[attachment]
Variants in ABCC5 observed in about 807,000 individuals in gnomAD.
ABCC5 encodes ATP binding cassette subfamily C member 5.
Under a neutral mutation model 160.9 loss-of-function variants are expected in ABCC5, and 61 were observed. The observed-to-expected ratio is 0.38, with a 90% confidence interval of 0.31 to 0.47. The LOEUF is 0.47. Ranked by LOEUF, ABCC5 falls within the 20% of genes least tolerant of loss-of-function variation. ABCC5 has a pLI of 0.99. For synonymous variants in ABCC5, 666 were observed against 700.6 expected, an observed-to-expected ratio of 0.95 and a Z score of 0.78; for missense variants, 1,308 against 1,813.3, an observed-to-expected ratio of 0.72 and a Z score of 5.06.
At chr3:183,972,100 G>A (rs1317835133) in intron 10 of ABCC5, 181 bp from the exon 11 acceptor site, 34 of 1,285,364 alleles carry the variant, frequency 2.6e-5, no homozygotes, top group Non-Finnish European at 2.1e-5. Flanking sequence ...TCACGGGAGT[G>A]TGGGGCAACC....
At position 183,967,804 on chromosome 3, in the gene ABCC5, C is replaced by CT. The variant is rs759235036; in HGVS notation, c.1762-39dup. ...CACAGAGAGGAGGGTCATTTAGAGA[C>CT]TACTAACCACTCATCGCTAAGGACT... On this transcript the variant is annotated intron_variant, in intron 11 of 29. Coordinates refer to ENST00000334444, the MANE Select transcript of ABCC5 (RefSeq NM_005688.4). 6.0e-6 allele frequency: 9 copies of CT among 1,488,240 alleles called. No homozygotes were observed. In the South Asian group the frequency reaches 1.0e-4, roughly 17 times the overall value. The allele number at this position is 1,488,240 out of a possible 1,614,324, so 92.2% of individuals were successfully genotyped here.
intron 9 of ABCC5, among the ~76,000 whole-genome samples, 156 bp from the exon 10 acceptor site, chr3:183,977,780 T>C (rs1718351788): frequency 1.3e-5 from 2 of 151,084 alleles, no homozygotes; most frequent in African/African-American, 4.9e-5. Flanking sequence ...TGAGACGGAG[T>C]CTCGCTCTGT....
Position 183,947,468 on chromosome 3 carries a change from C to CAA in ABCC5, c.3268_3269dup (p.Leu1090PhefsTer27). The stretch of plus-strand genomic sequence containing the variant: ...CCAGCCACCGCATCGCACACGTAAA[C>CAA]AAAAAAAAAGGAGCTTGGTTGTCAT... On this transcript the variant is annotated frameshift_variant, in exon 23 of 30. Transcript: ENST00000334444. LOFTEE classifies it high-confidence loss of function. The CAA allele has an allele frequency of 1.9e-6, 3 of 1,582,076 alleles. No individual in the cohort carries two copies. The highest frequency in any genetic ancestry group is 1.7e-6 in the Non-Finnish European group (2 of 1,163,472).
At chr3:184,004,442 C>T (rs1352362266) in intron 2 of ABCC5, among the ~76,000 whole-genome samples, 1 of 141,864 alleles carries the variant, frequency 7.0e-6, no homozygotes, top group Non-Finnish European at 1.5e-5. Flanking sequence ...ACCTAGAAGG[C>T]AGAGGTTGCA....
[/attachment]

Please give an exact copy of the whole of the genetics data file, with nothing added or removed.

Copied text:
Variants in ABCC5 observed in about 807,000 individuals in gnomAD.
ABCC5 encodes ATP binding cassette subfamily C member 5.
Under a neutral mutation model 160.9 loss-of-function variants are expected in ABCC5, and 61 were observed. The observed-to-expected ratio is 0.38, with a 90% confidence interval of 0.31 to 0.47. The LOEUF is 0.47. Ranked by LOEUF, ABCC5 falls within the 20% of genes least tolerant of loss-of-function variation. ABCC5 has a pLI of 0.99. For synonymous variants in ABCC5, 666 were observed against 700.6 expected, an observed-to-expected ratio of 0.95 and a Z score of 0.78; for missense variants, 1,308 against 1,813.3, an observed-to-expected ratio of 0.72 and a Z score of 5.06.
At chr3:183,972,100 G>A (rs1317835133) in intron 10 of ABCC5, 181 bp from the exon 11 acceptor site, 34 of 1,285,364 alleles carry the variant, frequency 2.6e-5, no homozygotes, top group Non-Finnish European at 2.1e-5. Flanking sequence ...TCACGGGAGT[G>A]TGGGGCAACC....
At position 183,967,804 on chromosome 3, in the gene ABCC5, C is replaced by CT. The variant is rs759235036; in HGVS notation, c.1762-39dup. ...CACAGAGAGGAGGGTCATTTAGAGA[C>CT]TACTAACCACTCATCGCTAAGGACT... On this transcript the variant is annotated intron_variant, in intron 11 of 29. Coordinates refer to ENST00000334444, the MANE Select transcript of ABCC5 (RefSeq NM_005688.4). 6.0e-6 allele frequency: 9 copies of CT among 1,488,240 alleles called. No homozygotes were observed. In the South Asian group the frequency reaches 1.0e-4, roughly 17 times the overall value. The allele number at this position is 1,488,240 out of a possible 1,614,324, so 92.2% of individuals were successfully genotyped here.
intron 9 of ABCC5, among the ~76,000 whole-genome samples, 156 bp from the exon 10 acceptor site, chr3:183,977,780 T>C (rs1718351788): frequency 1.3e-5 from 2 of 151,084 alleles, no homozygotes; most frequent in African/African-American, 4.9e-5. Flanking sequence ...TGAGACGGAG[T>C]CTCGCTCTGT....
Position 183,947,468 on chromosome 3 carries a change from C to CAA in ABCC5, c.3268_3269dup (p.Leu1090PhefsTer27). The stretch of plus-strand genomic sequence containing the variant: ...CCAGCCACCGCATCGCACACGTAAA[C>CAA]AAAAAAAAAGGAGCTTGGTTGTCAT... On this transcript the variant is annotated frameshift_variant, in exon 23 of 30. Transcript: ENST00000334444. LOFTEE classifies it high-confidence loss of function. The CAA allele has an allele frequency of 1.9e-6, 3 of 1,582,076 alleles. No individual in the cohort carries two copies. The highest frequency in any genetic ancestry group is 1.7e-6 in the Non-Finnish European group (2 of 1,163,472).
At chr3:184,004,442 C>T (rs1352362266) in intron 2 of ABCC5, among the ~76,000 whole-genome samples, 1 of 141,864 alleles carries the variant, frequency 7.0e-6, no homozygotes, top group Non-Finnish European at 1.5e-5. Flanking sequence ...ACCTAGAAGG[C>T]AGAGGTTGCA....